Updated on 6/30/2005
The theory that gluten-free/casein-free diets can help young children with autism comes from studies suggesting that some cases of autistic behavior result from allergies or intolerances to the proteins in milk (casein) and found in wheat (gluten, also in other grains). Limited research does show that some children with autism can't break down the proteins completely. Instead, fragments of them (peptides) get into the bloodstream and the central nervous system before eventually being eliminated in the urine. Several groups of researchers have identified these peptides in urine samples from children with autism. Some of the peptides are quite similar to morphine and, in theory, may be the agents that cause autistic behavior.
My colleague, pediatrician Sandy Newmark, M.D., tells me that he is "absolutely convinced" that gluten-casein free diets can help a certain proportion of youngsters with autism and recommends trying them whenever possible. There certainly is ample anecdotal evidence attesting to marked improvement in autistic patients as a result of removing foods containing gluten and casein from their diets. Dr. Newmark recommends the book Is This Your Child? by Doris Rapp, M.D., to parents of children with autism who want to try dietary approaches.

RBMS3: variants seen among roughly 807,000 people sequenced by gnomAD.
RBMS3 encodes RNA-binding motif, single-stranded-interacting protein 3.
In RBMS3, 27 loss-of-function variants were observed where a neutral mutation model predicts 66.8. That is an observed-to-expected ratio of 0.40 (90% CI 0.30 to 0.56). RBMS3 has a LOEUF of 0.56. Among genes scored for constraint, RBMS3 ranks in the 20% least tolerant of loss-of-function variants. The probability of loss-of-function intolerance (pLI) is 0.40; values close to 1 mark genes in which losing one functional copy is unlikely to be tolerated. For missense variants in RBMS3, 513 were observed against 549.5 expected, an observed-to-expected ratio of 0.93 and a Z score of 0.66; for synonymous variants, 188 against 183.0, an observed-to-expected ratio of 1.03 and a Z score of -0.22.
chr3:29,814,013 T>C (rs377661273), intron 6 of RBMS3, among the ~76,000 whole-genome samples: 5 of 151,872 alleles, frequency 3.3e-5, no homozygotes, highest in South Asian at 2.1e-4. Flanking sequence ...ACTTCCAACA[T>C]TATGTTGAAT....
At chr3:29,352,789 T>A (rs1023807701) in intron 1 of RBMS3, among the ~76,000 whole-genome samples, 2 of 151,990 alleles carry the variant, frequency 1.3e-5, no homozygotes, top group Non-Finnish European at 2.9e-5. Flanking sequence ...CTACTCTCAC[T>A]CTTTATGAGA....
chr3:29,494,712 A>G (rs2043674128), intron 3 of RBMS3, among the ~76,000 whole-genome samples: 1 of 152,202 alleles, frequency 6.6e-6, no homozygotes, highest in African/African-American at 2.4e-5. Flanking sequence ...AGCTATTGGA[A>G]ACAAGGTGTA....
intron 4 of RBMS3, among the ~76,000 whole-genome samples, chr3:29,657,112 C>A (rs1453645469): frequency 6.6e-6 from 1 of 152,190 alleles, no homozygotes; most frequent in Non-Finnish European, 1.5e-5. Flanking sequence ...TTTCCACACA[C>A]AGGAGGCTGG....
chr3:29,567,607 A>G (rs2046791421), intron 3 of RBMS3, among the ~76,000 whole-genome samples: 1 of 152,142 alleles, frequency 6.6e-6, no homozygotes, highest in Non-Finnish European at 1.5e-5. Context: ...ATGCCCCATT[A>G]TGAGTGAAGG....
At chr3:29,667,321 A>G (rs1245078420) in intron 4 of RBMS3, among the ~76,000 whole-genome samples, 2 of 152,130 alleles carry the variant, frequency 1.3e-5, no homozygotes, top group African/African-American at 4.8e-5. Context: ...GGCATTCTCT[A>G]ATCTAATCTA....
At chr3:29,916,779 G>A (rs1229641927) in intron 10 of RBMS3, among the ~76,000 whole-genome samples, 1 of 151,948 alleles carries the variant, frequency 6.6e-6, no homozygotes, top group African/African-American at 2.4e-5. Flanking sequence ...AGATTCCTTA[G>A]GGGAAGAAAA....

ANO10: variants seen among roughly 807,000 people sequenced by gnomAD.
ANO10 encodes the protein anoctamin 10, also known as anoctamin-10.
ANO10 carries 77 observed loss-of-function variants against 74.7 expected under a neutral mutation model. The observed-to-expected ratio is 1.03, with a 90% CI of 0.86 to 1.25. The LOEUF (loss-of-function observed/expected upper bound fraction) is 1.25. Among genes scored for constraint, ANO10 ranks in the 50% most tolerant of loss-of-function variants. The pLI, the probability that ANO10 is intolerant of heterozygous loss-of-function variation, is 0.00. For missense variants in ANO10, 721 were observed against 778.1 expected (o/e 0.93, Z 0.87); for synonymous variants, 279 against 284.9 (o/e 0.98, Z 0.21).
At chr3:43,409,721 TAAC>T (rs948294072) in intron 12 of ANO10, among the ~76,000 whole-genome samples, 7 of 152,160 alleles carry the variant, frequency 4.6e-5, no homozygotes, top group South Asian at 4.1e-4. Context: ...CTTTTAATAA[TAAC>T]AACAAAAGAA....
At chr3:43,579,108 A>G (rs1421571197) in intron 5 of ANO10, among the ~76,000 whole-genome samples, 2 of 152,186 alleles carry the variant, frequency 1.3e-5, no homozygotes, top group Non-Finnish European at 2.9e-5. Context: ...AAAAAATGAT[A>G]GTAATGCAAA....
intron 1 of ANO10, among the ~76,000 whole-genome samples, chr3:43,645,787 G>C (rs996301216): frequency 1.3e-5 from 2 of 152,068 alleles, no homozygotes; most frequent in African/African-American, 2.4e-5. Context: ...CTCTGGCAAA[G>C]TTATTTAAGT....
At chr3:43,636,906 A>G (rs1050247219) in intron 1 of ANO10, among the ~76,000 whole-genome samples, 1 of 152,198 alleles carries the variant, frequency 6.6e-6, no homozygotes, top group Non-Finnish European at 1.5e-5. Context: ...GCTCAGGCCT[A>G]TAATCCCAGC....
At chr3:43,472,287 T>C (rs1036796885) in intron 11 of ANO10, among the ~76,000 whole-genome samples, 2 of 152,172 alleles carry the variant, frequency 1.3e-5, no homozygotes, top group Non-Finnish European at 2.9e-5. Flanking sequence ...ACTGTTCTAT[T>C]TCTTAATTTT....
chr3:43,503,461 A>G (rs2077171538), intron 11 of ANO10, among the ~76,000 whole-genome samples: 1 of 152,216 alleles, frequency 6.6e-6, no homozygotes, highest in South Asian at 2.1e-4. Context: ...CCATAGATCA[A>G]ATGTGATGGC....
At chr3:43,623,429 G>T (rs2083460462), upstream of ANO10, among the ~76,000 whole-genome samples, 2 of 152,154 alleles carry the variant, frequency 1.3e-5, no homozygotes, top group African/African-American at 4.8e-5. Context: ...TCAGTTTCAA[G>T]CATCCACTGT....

He notes that conventional medical therapies for autism are very poor and also recommends investigating behavioral methods of treatment, which he has found to be helpful. Dr. Newmark suggests checking the Web site of the International Autism Research Center (www.gnd.org) for an overview of available alternative therapies. You'll also find lots of practical advice for implementing a gluten-free/casein-free diet, including safe snacks and resources to help you structure the diet for your child.
Andrew Weil, M.D.